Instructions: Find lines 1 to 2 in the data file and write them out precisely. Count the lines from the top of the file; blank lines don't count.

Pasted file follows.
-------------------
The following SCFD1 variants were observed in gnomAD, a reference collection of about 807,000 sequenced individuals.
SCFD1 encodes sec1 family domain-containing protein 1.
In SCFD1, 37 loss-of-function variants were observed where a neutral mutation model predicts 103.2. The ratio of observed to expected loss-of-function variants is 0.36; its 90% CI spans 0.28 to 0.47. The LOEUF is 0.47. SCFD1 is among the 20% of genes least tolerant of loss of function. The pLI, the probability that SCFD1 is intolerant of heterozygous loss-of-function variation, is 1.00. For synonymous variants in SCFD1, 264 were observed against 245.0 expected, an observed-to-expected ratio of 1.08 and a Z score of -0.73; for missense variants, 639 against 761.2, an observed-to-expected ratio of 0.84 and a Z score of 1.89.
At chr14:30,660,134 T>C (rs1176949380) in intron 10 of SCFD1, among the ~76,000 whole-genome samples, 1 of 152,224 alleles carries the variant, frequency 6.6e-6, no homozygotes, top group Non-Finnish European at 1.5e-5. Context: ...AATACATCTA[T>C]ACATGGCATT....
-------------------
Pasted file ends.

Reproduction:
The following SCFD1 variants were observed in gnomAD, a reference collection of about 807,000 sequenced individuals.
SCFD1 encodes sec1 family domain-containing protein 1.